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Type 2 diabetes is a disorder of dysregulated glucose homeostasis. Normal glucose homeostasis is a complex process involving several interacting mechanisms, such as insulin secretion, insulin sensitivity, glucose production, and glucose uptake. The dysregulation of one or more of these mechanisms due to environmental and/or genetic factors, can lead to a defective glucose homeostasis. Hyperglycemia is managed by augmenting insulin secretion and/or interaction with hepatic glucose production, as well as by decreasing dietary caloric intake and raising glucose metabolism through exercise. Although these interventions can delay disease progression and correct blood glucose levels, they are not able to cure the disease or stop its progression entirely. Better management of type 2 diabetes is sorely needed. Advances in genotyping techniques and the availability of large patient cohorts have made it possible to identify common genetic variants associated with type 2 diabetes through genome-wide association studies (GWAS). So far, genetic variants on 50 loci have been identified. Most of these loci contain or lie close to genes that were not previously linked to diabetes and they may thus harbor targets for new drugs. It is also hoped that further genetic studies will pave the way for predictive genetic screening. The newly discovered candidate genes for type 2 diabetes can be classified based on their presumed molecular function, and we discuss the relation between these gene classes and current treatments. We go on to consider whether the new genes provide opportunities for developing alternative drug therapies.
Page: 241-260 (20)
Author: Mehdi Nafati and Kentaro Inoue
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The plastid is an organelle vital to all photosynthetic and some nonphotosynthetic eukaryotes. Although the plastid has its own genome, more than 95% of proteins in this organelle are encoded in the nucleus, representing slightly lower than 10% of all the nuclear-encoded proteins in the model plant Arabidopsis thaliana. Recent functional genomic and molecular genetic studies have shown that ca. 400 nonredundant nuclear genes are required for proper embryo formation of A. thaliana, and that more than one third of them encode plastid-localized proteins. Classification of these genes based on terminal phenotypes of knockout mutants has revealed that nonphotosynthetic metabolic activity of plastids is a prerequisite for the transition of preglobular to globular embryos, and that plastid gene expression becomes significant at or after the globular stage. Functions of the products of 28 out of 105 genes shown to be required for embryo development at the globular and later stages remain unknown. Several approaches to address this issue are discussed.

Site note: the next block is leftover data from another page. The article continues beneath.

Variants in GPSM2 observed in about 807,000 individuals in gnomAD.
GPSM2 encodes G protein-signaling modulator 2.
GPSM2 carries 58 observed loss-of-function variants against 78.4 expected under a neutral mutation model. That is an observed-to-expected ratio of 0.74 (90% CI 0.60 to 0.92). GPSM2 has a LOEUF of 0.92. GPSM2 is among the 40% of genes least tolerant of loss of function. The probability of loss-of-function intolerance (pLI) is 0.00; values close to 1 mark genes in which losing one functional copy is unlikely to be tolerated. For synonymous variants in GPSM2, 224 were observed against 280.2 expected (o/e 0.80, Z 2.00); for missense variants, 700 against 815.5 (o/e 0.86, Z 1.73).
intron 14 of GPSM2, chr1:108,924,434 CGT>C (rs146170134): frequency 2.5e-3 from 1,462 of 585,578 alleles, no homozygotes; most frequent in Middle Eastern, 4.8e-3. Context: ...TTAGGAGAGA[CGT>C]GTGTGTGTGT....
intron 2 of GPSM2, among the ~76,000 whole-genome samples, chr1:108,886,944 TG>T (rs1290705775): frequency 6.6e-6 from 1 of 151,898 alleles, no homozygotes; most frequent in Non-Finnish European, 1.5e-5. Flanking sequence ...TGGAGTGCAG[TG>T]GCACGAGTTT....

Page: 261-292 (32)
Author: Keiji Kito and Takashi Ito
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Mass spectrometry has served as a major tool for the discipline of proteomics to catalogue proteins in an unprecedented scale. With chemical and metabolic techniques for stable isotope labeling developed over the past decade, it is now routinely used as a method for relative quantification to provide valuable information on alteration of protein abundance in a proteome-wide scale. Recently, absolute or stoichiometric quantification of proteome is becoming feasible, in particular, with the development of strategies with isotope-labeled standards composed of concatenated peptides. On the other hand, remarkable progress has been also made in label-free quantification methods based on the number of identified peptides. Here we review these mass spectrometry-based approaches for absolute quantification of proteome and discuss their implications.
Page: 293-315 (23)
Author: Francisco J. López de Saro
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The molecular machines that replicate the genome consist of many interacting components. Essential to the organization of the replication machinery are ring-shaped proteins, like the prokaryotic β-clamp or eukaryotic PCNA (Proliferating Cell Nuclear Antigen), collectively named sliding clamps. They encircle the DNA molecule and slide on it freely and bidirectionally. Sliding clamps are typically associated to DNA polymerases and provide these enzymes with the processivity required to synthesize large chromosomes. Additionally, they interact with a large array of proteins that perform enzymatic reactions on DNA, targeting and orchestrating their functions. In recent years there have been a large number of studies that have analyzed the structural details of how sliding clamps interact with their ligands. However, much remains to be learned in relation to how these interactions are regulated to occur coordinately and sequentially. Since sliding clamps participate in reactions in which many different enzymes bind and then release from the clamp in an orchestrated way, it is critical to analyze how these changes in affinity take place. In this review I focus the attention on the mechanisms by which various types of enzymes interact with sliding clamps and what is known about the regulation of this binding. Especially I describe emerging paradigms on how enzymes switch places on sliding clamps during DNA replication and repair of prokaryotic and eukaryotic genomes.